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Government Unit 1 study guide
Terms in this set (54)
The system that a country uses to make laws and run the country
the part of the government that is responsible for the entire country (national level)
governments of smaller areas such as regions, states, provinces, or cities
A form of government where the power is held by one central authority (national level) and local governments are very weak
federal system; federation
A form of government where the power is shared between the central (national) government and the governments of states or provinces
Voluntary association of independent states in which individual states hold more power than the central (national) government
autocratic system; autocracy
Government in which a single leader holds power and there is no limit on the power of the central government; there are no elections or powerful local governments; Leader can be a dictator or a monarch
a single leader who holds limitless power in an autocratic government; often uses force to silence the opposition
a king or queen; can be part of an autocratic government or a parliamentary democracy
Government led by a small, powerful, unelected group of aristocrats or military leaders
democracy; democratic system
system of government in which there are regular elections, allowing citizens to choose their own leaders or become leaders themselves; basic rights of citizens are protected by law
presidential and parliamentary
two types of democratic systems of government; differ by how the leaders are chosen and what they are called
legislature; legislative branch
A group of representatives that create laws; called Congress in a presidential system and Parliament in the parliamentary system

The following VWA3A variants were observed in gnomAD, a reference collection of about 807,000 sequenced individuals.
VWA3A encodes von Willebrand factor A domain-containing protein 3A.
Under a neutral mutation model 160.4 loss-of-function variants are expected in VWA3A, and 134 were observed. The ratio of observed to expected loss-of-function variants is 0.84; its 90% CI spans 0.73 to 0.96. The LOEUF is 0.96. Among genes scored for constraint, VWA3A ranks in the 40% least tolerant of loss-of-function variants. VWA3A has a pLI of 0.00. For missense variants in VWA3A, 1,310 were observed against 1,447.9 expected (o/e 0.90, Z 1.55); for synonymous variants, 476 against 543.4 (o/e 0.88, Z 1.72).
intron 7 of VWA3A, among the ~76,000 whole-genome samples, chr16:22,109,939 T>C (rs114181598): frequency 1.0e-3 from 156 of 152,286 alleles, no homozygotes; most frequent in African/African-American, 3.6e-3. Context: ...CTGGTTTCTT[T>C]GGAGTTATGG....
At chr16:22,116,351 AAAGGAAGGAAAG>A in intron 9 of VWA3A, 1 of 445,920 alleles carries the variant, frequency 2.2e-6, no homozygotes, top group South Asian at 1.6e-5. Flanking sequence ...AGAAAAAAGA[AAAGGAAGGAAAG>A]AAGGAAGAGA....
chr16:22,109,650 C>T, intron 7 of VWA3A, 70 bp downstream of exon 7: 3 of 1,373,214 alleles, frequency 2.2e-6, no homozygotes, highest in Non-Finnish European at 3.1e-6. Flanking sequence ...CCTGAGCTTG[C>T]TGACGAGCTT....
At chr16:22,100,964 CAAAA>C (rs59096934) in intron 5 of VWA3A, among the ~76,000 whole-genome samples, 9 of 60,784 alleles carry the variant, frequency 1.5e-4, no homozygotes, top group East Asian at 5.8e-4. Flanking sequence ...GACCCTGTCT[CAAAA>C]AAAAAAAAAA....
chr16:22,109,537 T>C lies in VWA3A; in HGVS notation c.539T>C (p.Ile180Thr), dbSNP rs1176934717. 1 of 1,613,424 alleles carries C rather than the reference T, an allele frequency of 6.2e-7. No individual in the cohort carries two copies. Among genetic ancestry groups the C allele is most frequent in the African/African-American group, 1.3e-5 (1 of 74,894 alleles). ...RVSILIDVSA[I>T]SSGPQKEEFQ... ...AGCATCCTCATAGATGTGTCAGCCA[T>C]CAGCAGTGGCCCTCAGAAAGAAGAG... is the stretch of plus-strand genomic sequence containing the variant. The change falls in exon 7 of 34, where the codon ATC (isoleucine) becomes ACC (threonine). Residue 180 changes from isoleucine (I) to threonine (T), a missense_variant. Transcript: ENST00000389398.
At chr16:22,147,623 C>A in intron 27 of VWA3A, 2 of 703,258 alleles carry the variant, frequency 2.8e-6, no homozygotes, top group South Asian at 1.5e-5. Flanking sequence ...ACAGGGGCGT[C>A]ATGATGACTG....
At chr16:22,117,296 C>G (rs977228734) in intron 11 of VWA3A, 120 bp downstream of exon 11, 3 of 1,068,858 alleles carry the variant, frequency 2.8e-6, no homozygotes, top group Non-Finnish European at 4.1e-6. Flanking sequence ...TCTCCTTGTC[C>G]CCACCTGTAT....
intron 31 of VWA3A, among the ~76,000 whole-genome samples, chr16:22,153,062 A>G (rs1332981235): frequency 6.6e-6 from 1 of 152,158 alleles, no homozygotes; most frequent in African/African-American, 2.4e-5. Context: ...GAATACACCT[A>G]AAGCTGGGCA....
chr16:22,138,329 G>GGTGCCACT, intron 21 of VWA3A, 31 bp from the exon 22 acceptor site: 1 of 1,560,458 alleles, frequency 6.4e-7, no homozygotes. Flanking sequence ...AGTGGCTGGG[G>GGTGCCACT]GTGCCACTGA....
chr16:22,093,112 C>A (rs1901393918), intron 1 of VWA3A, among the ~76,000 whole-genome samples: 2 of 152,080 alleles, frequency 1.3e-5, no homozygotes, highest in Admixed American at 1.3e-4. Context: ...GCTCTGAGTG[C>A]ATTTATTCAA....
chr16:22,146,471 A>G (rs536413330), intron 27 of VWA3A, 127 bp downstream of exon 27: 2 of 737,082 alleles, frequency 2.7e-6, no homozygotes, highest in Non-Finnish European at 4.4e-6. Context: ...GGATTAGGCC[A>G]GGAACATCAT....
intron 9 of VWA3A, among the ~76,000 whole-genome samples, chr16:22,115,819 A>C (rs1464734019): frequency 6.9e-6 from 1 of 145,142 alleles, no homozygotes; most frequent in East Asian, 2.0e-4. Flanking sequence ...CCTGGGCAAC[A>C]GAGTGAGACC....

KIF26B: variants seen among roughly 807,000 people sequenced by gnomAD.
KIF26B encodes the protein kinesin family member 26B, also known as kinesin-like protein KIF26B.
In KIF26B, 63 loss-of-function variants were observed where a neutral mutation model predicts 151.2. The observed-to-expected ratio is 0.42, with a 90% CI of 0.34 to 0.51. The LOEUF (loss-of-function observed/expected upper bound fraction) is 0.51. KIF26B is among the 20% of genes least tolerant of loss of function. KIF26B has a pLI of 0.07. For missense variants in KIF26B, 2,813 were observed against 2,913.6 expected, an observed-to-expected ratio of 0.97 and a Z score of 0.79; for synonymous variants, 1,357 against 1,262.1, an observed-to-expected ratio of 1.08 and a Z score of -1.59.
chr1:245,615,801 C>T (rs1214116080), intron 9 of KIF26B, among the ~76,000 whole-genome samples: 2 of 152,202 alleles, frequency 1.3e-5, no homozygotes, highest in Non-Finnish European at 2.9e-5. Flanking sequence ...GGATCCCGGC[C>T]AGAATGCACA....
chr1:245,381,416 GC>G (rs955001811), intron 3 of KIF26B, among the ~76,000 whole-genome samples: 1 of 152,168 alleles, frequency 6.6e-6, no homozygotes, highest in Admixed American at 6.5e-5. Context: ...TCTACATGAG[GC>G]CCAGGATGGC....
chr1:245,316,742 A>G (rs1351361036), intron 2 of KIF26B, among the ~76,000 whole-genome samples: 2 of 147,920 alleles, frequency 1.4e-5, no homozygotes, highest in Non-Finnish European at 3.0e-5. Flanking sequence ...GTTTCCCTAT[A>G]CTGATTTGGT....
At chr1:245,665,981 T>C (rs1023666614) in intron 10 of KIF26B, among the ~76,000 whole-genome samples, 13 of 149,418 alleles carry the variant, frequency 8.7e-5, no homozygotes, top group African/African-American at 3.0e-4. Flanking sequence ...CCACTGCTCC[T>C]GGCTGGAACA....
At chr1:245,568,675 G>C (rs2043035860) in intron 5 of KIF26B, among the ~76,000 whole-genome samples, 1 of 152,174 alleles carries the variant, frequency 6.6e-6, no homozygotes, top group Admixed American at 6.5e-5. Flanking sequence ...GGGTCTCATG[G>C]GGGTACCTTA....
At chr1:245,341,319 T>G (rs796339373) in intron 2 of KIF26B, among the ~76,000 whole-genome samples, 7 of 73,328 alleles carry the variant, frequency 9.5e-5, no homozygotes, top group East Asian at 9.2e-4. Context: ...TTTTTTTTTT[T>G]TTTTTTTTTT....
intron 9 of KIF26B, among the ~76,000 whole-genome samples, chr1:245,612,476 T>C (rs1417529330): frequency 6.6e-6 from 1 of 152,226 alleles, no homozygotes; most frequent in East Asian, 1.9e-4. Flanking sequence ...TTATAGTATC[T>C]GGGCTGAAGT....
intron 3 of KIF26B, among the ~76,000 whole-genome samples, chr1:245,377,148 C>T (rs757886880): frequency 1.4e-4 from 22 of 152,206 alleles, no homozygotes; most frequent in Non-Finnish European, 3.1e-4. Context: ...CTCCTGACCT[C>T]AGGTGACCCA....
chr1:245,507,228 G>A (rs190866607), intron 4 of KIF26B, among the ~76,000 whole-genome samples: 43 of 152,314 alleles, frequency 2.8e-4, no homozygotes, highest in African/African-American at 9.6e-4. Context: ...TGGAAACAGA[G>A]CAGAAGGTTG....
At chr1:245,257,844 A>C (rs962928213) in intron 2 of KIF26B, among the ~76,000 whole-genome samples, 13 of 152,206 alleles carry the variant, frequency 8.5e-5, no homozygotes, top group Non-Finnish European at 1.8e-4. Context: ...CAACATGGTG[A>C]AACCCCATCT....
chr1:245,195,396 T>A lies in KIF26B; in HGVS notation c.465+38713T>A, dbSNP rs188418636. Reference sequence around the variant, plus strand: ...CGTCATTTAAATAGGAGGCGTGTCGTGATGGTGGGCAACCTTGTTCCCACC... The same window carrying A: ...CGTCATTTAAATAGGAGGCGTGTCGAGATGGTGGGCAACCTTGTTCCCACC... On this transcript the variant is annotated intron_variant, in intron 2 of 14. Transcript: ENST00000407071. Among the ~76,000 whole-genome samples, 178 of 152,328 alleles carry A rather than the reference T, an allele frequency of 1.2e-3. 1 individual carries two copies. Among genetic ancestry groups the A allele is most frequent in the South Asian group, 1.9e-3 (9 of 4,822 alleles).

A system of democratic government in which the executive branch of the national government is headed by the president, while the legislative branch is headed by Congress; all voters can directly elect the leader (president)
executive leader elected by citizens in the presidential system; does not write laws--- carries out (enforces) the laws.
system of government with a cabinet of members who are responsible for decision making; the chief executive (government leader) is called the Prime Minister
the legislative branch in a parliamentary system of government; the prime minister is chosen among this group
the chief executive (government leader) in a parliamentary democracy; NOT directly chosen by the voters (chosen by Parliament)
A system of government in which the people choose political leaders to make policy decisions on their behalf.
How does representative democracy differ from direct democracy?
In a representative democracy citizens choose a group of people to represent them, make laws, and govern on their behalf. In a direct democracy all citizens met to discuss government matters and voted to decide what to do.
What is the difference between republic and a constitutional monarchy?
A Republic is a system of where the people have the right to elect their head of states and head of states usually stay on for a short term and can only be elected twice in every election until they retire or they have been voted out.
Constitutional Monarchy, the Head of State is of Monarchical background and they are simply born into it but are bounded by the constitutional laws of a parliament (eg the English Bill of Rights)
Philosopher who believes all people have the right to life, liberty, and property but that without government, they are unable to protect those rights unless they are strong enough to do so.
Declaration of Independence
document written by Thomas Jefferson to break away from Great Britain